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Narratives of Inclusive Teaching

Stories of <i>Becoming</i> in the Field


Srikala Naraian and Sarah L. Schlessinger

Teachers are increasingly challenged by dilemmas of practice as they negotiate their commitments to equity for students from historically marginalized communities, including students with disabilities, against the demands of their school settings. This book seeks to understand the ways in which teachers’ engagements with their schooling contexts evoke varied forms of inclusive practice. It narrates the experiences of seven novice teachers who entered the field deeply committed to inclusive practice. It documents their conflicts, joys and struggles within the collectivities in which they were embedded. In doing thus, the book discloses the many unpredictable trajectories of practice that encompass the complex work of teaching for inclusion.

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Reflections on Agentive Maneuverings



For most novice teachers, the transition into the first year as a teacher of record generates a range of emotions (excitement, apprehension, anxiety, confidence, resentment, surprise) and the teachers in this book were not unique in the process they experienced as they navigated the surprises and challenges of their first year of teaching. What has been particularly instructive for us, as their former teachers, are the ways in which their stories have confirmed the unpredictability of the trajectories of practices brought on by commitments to inclusion; they have compelled us to draw on a range of theoretical frames to help us understand their becomings with greater complexity. For each one, the commitment to be an inclusive educator was never in doubt; yet, the continual encounter with complex, multi-layered situations in schools produced an affective orientation to that identity that left its meanings in flux and as never self-evident. In that regard, we are struck by the unmistakable stance of self-reflexivity adopted by each of them. Though we were well aware of this during their pre-service program of study, their continued reflections on their practice (of which we have a mere glimpse in their writings for this book) are a reminder that our work, as researchers, relies on their capability for such practice, without which this book may not have been possible. For that, we are deeply grateful to Taiyo, Molly, Peter, Harley, Jessica, Adam, and Rena.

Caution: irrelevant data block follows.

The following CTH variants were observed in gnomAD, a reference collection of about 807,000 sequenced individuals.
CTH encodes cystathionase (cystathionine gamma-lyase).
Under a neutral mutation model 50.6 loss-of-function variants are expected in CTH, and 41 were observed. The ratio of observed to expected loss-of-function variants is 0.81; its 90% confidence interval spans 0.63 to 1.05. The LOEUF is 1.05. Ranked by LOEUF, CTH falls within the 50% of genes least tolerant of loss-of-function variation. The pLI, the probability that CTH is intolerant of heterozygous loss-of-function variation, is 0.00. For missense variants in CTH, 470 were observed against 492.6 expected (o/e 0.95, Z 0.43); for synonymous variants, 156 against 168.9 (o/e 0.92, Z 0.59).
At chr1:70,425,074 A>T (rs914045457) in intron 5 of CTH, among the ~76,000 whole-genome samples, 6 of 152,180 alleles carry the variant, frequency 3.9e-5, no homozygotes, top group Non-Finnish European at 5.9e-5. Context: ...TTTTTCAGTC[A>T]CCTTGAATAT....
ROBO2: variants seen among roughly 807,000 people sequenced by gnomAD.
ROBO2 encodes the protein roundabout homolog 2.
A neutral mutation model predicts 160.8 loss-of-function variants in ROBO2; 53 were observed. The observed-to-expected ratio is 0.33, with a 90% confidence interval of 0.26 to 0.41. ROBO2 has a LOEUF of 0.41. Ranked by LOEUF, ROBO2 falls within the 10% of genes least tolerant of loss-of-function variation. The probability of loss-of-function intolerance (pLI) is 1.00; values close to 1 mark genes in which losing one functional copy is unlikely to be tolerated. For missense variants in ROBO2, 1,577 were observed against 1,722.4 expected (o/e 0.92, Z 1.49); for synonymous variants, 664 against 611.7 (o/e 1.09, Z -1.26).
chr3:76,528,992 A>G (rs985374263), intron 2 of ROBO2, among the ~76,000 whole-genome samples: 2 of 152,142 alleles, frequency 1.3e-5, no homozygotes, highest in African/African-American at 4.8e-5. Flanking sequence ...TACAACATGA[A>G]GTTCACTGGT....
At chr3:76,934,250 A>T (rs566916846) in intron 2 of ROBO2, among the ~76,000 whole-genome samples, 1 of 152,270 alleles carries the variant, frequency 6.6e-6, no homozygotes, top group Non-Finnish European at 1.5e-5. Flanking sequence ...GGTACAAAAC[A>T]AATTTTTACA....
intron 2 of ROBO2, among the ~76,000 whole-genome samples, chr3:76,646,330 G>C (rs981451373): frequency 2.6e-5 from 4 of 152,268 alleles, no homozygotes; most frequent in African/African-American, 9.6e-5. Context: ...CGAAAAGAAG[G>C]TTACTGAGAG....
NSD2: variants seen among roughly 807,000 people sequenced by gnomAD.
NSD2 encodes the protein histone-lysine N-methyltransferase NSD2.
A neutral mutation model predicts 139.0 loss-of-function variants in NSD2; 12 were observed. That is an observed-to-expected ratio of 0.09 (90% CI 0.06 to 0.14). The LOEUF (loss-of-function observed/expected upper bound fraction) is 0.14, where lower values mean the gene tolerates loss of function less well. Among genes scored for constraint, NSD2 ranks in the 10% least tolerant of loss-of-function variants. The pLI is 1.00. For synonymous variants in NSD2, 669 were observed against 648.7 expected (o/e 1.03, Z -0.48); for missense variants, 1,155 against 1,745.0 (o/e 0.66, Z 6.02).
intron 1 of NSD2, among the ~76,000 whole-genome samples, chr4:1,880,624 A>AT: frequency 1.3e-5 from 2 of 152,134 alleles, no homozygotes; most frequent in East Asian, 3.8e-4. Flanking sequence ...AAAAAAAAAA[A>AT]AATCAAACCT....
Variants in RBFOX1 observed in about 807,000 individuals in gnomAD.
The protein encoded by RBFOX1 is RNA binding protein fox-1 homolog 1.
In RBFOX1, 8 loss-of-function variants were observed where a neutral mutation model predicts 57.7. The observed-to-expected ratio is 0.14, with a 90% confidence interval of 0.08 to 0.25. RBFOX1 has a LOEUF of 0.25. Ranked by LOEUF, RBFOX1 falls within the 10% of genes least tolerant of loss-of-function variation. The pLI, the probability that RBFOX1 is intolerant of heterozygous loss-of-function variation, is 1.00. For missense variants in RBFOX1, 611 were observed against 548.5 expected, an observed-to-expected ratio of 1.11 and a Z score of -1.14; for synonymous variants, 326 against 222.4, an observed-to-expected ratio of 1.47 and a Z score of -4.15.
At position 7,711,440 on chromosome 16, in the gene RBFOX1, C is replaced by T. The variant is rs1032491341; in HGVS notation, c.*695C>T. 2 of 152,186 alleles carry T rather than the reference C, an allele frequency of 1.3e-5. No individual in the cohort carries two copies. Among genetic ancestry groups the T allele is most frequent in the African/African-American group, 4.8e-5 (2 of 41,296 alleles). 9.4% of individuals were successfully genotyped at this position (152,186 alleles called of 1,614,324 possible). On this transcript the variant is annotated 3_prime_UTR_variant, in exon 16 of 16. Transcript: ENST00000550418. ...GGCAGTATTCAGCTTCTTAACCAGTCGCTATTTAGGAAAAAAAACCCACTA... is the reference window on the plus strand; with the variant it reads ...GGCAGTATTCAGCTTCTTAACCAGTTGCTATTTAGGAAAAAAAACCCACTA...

Reconciling Narrative Agency with De-Centering Moves


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